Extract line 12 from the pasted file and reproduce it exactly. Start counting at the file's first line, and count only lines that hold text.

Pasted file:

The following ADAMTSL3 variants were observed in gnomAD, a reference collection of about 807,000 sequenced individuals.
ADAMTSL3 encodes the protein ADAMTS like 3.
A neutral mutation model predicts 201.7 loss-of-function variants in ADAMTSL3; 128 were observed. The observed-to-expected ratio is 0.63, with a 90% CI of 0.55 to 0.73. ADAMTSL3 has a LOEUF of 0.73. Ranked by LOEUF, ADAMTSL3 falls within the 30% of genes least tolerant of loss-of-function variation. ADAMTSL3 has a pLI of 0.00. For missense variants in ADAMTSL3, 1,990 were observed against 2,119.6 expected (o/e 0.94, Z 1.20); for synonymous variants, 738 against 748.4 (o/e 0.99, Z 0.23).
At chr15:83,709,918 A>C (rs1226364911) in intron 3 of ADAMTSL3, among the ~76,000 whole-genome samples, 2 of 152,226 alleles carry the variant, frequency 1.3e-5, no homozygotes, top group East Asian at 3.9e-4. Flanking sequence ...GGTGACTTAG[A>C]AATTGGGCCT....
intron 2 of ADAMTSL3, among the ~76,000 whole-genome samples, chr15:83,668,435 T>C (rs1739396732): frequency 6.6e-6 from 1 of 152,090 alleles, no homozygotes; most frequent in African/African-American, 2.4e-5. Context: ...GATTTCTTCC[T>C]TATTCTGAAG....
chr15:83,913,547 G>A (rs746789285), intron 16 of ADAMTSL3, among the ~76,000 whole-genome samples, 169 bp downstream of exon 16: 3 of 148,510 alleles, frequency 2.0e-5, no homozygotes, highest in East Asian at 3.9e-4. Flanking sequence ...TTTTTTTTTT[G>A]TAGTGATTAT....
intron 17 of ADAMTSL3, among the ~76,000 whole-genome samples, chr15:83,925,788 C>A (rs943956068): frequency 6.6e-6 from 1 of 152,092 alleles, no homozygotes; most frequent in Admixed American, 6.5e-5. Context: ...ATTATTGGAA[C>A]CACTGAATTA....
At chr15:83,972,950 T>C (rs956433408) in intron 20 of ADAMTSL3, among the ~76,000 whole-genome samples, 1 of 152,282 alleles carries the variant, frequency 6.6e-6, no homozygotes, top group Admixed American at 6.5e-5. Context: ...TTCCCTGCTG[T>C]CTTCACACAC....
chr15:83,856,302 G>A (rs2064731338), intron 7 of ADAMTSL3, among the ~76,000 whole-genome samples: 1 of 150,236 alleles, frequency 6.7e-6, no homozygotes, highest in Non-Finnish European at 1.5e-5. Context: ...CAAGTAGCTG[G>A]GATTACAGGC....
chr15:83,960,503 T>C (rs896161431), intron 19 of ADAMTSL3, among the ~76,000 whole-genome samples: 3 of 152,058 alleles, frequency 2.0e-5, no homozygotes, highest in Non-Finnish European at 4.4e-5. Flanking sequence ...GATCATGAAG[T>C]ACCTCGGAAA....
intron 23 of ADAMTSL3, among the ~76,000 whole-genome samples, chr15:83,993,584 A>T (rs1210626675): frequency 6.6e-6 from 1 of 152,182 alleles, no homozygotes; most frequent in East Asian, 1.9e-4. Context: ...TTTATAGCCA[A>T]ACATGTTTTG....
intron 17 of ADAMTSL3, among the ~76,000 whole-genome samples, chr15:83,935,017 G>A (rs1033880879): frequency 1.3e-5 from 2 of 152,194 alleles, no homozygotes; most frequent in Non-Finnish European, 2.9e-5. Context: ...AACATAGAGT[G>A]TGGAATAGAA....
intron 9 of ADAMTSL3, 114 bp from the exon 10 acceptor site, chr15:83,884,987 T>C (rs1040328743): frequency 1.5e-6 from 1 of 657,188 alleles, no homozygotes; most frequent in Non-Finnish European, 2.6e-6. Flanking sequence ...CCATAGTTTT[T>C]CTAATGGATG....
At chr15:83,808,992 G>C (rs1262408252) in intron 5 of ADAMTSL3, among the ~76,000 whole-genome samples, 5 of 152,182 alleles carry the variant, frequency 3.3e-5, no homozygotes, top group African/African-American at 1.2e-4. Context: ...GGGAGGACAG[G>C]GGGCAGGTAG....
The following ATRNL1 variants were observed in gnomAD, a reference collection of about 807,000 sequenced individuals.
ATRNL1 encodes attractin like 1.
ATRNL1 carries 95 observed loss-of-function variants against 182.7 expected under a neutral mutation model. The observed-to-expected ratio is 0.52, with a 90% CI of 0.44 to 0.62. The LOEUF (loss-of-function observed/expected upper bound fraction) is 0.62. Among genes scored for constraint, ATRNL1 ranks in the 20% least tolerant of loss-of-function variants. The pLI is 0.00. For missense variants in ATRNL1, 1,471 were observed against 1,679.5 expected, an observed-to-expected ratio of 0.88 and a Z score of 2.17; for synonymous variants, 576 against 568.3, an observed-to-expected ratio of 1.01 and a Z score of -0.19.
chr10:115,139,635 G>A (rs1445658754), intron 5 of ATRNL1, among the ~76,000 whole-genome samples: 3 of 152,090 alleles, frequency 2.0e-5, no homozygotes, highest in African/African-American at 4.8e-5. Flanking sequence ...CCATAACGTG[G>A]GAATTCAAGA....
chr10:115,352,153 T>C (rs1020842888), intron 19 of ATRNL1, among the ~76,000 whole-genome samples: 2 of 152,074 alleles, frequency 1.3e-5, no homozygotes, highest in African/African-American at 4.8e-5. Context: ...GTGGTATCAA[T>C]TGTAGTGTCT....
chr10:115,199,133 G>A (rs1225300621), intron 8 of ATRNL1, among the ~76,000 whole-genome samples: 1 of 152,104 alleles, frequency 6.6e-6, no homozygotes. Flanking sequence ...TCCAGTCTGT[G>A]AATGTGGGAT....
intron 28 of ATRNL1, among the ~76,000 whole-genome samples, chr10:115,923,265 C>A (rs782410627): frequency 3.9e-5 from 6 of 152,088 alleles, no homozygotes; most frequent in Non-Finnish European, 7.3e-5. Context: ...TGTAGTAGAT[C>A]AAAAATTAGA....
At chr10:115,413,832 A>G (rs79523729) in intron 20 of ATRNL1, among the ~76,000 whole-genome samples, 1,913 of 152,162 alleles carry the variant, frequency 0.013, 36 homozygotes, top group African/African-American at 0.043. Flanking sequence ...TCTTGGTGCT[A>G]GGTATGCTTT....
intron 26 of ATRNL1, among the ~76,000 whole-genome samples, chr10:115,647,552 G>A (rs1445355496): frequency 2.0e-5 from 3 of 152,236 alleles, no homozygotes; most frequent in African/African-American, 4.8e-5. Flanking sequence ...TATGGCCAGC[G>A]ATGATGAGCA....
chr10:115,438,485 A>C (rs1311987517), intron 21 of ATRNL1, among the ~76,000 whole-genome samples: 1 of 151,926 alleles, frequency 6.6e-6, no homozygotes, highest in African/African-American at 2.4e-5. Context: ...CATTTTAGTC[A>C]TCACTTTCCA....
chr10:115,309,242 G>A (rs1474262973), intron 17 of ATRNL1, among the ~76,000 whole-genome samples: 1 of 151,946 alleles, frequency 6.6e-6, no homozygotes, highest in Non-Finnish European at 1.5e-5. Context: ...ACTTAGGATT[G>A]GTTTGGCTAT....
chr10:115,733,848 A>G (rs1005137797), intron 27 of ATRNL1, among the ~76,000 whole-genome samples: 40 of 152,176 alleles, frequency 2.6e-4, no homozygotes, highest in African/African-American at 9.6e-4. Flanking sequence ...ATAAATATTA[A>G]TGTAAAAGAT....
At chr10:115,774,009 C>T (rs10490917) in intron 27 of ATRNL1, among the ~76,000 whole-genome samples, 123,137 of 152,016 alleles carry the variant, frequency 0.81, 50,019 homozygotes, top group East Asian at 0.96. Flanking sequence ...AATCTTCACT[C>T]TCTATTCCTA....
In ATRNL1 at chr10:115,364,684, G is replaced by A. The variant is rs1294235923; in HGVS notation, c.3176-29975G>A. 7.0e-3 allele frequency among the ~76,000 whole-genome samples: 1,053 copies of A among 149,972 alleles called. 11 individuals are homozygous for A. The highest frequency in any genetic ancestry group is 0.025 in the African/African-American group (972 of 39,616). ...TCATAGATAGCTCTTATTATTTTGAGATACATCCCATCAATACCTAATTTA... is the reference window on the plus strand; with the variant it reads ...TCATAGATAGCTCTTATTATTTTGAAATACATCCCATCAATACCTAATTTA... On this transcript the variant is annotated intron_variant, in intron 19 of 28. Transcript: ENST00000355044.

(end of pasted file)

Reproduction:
intron 17 of ADAMTSL3, among the ~76,000 whole-genome samples, chr15:83,935,017 G>A (rs1033880879): frequency 1.3e-5 from 2 of 152,194 alleles, no homozygotes; most frequent in Non-Finnish European, 2.9e-5. Context: ...AACATAGAGT[G>A]TGGAATAGAA....